There is also significant uncertainty related to the insurance coverage and reimbursement of newly approved products and coverage may be more limited than the purposes for which the medicine is approved by the FDA or comparable foreign regulatory authorities. In the United States, the principal decisions about reimbursement for new medicines are typically made by the Centers for Medicare & Medicaid Services, or CMS, an agency within the U.S. Department of Health and Human Services. CMS decides whether and to what extent a new medicine will be covered and reimbursed under Medicare and private payors tend to follow CMS to a substantial degree. No uniform policy of coverage and reimbursement for products exists among third-party payors and coverage and reimbursement levels for products can differ significantly from payor to payor. As a result, the coverage determination process is often a time consuming and costly process that may require us to provide scientific and clinical support for the use of our products to each payor separately, with no assurance that coverage and adequate reimbursement will be applied consistently or obtained in the first instance. It is difficult to predict what CMS will decide with respect to reimbursement for fundamentally novel products such as ours, as there is no body of established practices and precedents for these new products. Reimbursement agencies in Europe may be more conservative than CMS. For example, a number of cancer drugs have been approved for reimbursement in the United States and have not been approved for reimbursement in certain European countries. Moreover, eligibility for reimbursement does not imply that any drug will be paid for in all cases or at a rate that covers our costs, including research, development, manufacture, sale, and distribution. Interim reimbursement levels for new drugs, if applicable, may also not be sufficient to cover our costs and may not be made permanent. Reimbursement rates may vary according to the use of the drug and the clinical setting in which it is used, may be based on reimbursement levels already set for lower cost drugs and may be incorporated into existing payments for other services. Our inability to promptly obtain coverage and profitable payment rates from both government-funded and private payors for any approved products we may develop could have a material adverse effect on our operating results, our ability to raise capital needed to commercialize product candidates, and our overall financial condition.

Government authorities currently impose mandatory discounts for certain patient groups, such as Medicare, Medicaid and Veterans Affairs, or VA, hospitals, and may seek to increase such discounts at any time. Future regulation both domestically and abroad may negatively impact the price of our products, if approved. Increasingly, third-party payors are requiring that drug companies provide them with predetermined discounts from list prices and are challenging the prices charged for medical products. We cannot be sure that reimbursement will be available for any product candidate that we commercialize and, if reimbursement is available, the level of reimbursement. Reimbursement may impact the demand for, or the price of, any product candidate for which we obtain marketing approval. In order to obtain reimbursement, physicians may need to show that patients have superior treatment outcomes with our products compared to standard of care drugs, including lower-priced generic versions of standard of care drugs. We expect to experience pricing pressures in connection with the sale of any of our product candidates, due to the trend toward managed healthcare, the increasing influence of health maintenance organizations and additional legislative changes. The downward pressure on healthcare costs in general, particularly prescription drugs and surgical procedures and other treatments, has become very intense. As a result, increasingly high barriers are being erected to the entry of new products.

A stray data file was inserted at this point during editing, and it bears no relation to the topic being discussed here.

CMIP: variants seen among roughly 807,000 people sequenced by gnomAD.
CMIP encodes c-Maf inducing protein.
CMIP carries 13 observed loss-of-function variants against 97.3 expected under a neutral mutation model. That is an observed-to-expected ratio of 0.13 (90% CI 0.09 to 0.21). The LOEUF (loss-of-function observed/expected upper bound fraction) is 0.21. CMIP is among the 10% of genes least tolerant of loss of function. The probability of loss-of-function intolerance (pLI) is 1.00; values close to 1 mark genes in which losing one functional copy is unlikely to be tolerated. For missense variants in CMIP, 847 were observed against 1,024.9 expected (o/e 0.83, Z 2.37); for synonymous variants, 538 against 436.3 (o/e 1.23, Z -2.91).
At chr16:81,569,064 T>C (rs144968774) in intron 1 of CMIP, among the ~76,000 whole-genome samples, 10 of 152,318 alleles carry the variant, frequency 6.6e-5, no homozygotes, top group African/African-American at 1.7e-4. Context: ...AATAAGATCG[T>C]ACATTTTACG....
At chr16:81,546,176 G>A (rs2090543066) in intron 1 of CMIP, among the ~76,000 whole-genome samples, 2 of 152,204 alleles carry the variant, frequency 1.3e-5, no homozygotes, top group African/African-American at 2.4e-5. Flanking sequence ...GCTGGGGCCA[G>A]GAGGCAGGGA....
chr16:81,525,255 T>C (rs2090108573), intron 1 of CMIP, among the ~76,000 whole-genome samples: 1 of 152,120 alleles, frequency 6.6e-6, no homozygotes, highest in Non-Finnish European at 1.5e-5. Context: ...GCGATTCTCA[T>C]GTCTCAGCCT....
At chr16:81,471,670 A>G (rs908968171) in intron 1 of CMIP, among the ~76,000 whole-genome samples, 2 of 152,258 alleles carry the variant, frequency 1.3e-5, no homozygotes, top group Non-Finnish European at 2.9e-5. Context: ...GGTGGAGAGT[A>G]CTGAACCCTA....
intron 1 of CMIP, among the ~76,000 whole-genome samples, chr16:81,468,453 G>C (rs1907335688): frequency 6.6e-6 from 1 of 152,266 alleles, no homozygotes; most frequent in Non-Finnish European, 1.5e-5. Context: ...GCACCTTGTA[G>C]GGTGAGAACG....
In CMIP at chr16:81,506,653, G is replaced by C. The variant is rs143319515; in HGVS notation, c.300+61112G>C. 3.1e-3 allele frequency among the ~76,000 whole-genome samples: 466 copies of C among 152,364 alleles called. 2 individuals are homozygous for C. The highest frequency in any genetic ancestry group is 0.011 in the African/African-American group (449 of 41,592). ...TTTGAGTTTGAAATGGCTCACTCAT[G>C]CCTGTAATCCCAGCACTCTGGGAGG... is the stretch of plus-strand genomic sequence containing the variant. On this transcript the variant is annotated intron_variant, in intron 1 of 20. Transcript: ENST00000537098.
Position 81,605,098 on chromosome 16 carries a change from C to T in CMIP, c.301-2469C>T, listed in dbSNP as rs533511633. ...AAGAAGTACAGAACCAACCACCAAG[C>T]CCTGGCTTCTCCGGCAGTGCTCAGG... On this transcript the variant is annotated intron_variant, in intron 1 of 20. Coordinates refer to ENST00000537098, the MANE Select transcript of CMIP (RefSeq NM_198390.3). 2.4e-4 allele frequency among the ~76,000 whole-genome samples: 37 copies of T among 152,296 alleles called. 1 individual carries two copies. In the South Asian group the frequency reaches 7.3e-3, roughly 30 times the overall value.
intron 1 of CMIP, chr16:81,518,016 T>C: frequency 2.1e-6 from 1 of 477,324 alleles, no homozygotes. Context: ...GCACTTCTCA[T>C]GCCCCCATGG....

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The regulations that govern marketing approvals, pricing and reimbursement for new drugs vary widely from country to country. In the United States, recently enacted legislation may significantly change the approval requirements in ways that could involve additional costs and cause delays in obtaining approvals. Some countries require approval of the sale price of a drug before it can be marketed. In many countries, the pricing review period begins after marketing or product licensing approval is granted. In some foreign markets, prescription pharmaceutical pricing remains subject to continuing governmental control even after initial approval is granted. As a result, we might obtain marketing approval for a product in a particular country, but then be subject to price regulations that delay our commercial launch of the product, possibly for lengthy time periods, and negatively impact the revenue we are able to generate from the sale of the product in that country. Adverse pricing limitations may hinder our ability to recoup our investment in one or more product candidates, even if any product candidates we may develop obtain marketing approval.

If we fail to comply with healthcare laws, we could face substantial penalties and our business, operations and financial conditions could be adversely affected.